Forensic anthropologist Lauren Zephro is a voice for victims of crime

Lauren Zephro graduated in 1993 from Cowell College with a degree in anthropology and is now pursuing her doctorate at UCSC.

The girl’s decomposed body was found in 1994 in the shadowed woods of Pogonip, not far from downtown Santa Cruz. She was petite, with short-cropped dark hair and a small heart tattooed on her hand. She had been brutally beaten.

At the time, police estimated the girl to be in her 20s but had little else to go on, and her murder soon drifted onto the cold case list.

Sixteen years later, enter Lauren Zephro, a tall, athletic forensic anthropologist. To Zephro (Cowell ‘93, anthropology), bones whisper and fingerprints talk.

Using new technology, including a cementum test of the girl’s teeth and isotopic hair analysis, Zephro discovered the girl was actually 14 to 18 years old and that, before her death, she likely traveled the coast between Santa Barbara and Santa Cruz. Zephro’s findings not only helped bring in new clues but also shifted the direction of the case, which is still under investigation.

“The girl was connected to someone, connected to the world,” said Zephro, sitting behind a metal, government-issued desk at the Santa Cruz County Sheriff’s Office forensics lab, where she now works. “I am confident, somewhere along the line, she will be identified.”

It was a forensic anthropology course taught by UCSC Professor Alison Galloway (who was named campus provost/executive vice chancellor in 2010) that brought Zephro to this spot.

“I had never felt so alive as I did in that class,” Zephro said. “It was the moment in my academic career that set me on the path of everything I have done since.”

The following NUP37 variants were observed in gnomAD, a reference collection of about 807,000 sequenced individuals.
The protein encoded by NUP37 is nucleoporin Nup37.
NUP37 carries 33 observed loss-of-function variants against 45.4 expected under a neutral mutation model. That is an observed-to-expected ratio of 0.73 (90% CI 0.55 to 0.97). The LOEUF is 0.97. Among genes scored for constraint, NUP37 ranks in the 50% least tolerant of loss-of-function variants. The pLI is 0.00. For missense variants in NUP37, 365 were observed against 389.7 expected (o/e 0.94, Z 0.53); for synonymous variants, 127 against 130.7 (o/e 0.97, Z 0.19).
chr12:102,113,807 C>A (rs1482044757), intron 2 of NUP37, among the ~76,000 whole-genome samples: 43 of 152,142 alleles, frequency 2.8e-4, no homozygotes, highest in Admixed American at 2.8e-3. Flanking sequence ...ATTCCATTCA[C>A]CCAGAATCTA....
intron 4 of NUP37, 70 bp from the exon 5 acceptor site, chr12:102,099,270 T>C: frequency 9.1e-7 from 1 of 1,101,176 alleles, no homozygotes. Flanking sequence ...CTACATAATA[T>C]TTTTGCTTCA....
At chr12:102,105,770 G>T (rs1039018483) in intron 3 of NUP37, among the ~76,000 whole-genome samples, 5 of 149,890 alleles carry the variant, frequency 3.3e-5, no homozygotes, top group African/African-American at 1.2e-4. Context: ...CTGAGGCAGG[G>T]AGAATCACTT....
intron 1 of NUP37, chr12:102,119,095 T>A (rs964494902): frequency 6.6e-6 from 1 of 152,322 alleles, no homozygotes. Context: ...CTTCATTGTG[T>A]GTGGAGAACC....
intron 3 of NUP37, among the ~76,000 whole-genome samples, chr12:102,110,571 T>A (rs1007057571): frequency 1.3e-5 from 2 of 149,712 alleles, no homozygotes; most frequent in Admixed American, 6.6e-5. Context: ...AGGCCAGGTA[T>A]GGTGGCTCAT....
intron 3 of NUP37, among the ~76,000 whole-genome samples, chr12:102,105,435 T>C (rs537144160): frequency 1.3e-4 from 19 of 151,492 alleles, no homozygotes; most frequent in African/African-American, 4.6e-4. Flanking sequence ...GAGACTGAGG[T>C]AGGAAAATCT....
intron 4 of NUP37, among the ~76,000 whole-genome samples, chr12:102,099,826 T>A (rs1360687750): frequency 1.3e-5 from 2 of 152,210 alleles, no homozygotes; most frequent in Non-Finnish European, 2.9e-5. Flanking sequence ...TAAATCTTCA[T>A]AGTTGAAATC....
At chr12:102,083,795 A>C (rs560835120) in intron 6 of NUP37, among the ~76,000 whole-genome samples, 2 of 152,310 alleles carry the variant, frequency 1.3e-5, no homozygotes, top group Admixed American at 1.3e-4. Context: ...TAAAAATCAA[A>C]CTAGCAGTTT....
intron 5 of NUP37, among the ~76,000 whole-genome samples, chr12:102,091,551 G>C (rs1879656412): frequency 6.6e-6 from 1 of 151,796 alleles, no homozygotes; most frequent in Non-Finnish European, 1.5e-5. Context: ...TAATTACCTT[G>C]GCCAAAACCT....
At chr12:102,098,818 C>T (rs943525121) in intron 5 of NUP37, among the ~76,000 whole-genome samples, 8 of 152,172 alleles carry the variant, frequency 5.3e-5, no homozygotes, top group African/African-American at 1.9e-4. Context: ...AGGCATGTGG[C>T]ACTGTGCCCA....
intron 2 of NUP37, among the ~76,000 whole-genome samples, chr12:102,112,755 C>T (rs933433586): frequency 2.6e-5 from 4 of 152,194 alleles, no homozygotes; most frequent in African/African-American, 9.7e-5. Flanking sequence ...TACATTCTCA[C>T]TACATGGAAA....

She went on to get her masters in anthropology from the University of Tennessee, Knoxville, and, with the help of a UC Regents Fellowship, is now a doctoral candidate in physical anthropology at UCSC. Meanwhile, she is working full-time for the Sheriff’s Office, a job that is sometimes dirty, often exhausting, and frequently painstaking. On any given day, Zephro may be lifting latent fingerprints from a firearm, climbing steep terrain in search of scattered bones, writing a detailed analysis of her findings, or testifying in court.

“She’s a super hard worker,” said Sgt. Alan Burt, who heads the sheriff’s coroner division. “She’ll go on scenes and be digging in the dirt and then she gives these tremendous reports…. It’s nice to have that brain power on your side.”

Zephro’s work with fingerprints helped discover the killer of a Capitola man 32 years after the fact and send a murderer to prison for a Monterey County death. In that case, she combed through yards of tape that had been wrapped around a decaying body—a job so smelly it drove nearby deputies out of their offices—until she found a single fingerprint connected to a suspect.

“Lauren has a questioning mind that keeps theoretical principles in mind but also questions those principles,” said Galloway, who is Zephro’s doctoral advisor and still works with her on cases. “She is meticulous and thoughtful in her work.”

For Zephro, Galloway was an inspiration and UCSC “a place that allowed me to reach my full potential; to tell me I had potential.”

And, someday, she promised, the girl known only as “Pogonip Jane” will be identified. Then, Zephro said, “she is coming home to all of us who wonder who she is.”

Peggy Townsend is a freelance writer based in Santa Cruz.